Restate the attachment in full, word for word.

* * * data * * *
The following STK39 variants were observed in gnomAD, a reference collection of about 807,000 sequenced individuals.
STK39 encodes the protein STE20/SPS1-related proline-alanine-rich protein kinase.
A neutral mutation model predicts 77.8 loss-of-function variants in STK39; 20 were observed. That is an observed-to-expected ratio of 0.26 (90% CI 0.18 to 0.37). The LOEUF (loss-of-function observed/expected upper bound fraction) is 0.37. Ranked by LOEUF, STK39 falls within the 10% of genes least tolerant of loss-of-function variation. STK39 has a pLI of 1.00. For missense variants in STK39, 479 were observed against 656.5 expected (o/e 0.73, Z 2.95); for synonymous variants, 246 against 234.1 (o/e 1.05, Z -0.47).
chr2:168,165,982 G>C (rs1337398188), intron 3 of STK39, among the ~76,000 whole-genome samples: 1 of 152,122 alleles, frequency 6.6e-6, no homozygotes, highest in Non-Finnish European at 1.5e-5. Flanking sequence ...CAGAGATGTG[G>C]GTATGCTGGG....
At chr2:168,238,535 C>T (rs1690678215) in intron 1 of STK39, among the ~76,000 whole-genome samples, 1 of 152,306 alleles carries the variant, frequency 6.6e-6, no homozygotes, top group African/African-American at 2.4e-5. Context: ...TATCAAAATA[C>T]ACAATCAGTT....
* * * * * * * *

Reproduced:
The following STK39 variants were observed in gnomAD, a reference collection of about 807,000 sequenced individuals.
STK39 encodes the protein STE20/SPS1-related proline-alanine-rich protein kinase.
A neutral mutation model predicts 77.8 loss-of-function variants in STK39; 20 were observed. That is an observed-to-expected ratio of 0.26 (90% CI 0.18 to 0.37). The LOEUF (loss-of-function observed/expected upper bound fraction) is 0.37. Ranked by LOEUF, STK39 falls within the 10% of genes least tolerant of loss-of-function variation. STK39 has a pLI of 1.00. For missense variants in STK39, 479 were observed against 656.5 expected (o/e 0.73, Z 2.95); for synonymous variants, 246 against 234.1 (o/e 1.05, Z -0.47).
chr2:168,165,982 G>C (rs1337398188), intron 3 of STK39, among the ~76,000 whole-genome samples: 1 of 152,122 alleles, frequency 6.6e-6, no homozygotes, highest in Non-Finnish European at 1.5e-5. Flanking sequence ...CAGAGATGTG[G>C]GTATGCTGGG....
At chr2:168,238,535 C>T (rs1690678215) in intron 1 of STK39, among the ~76,000 whole-genome samples, 1 of 152,306 alleles carries the variant, frequency 6.6e-6, no homozygotes, top group African/African-American at 2.4e-5. Context: ...TATCAAAATA[C>T]ACAATCAGTT....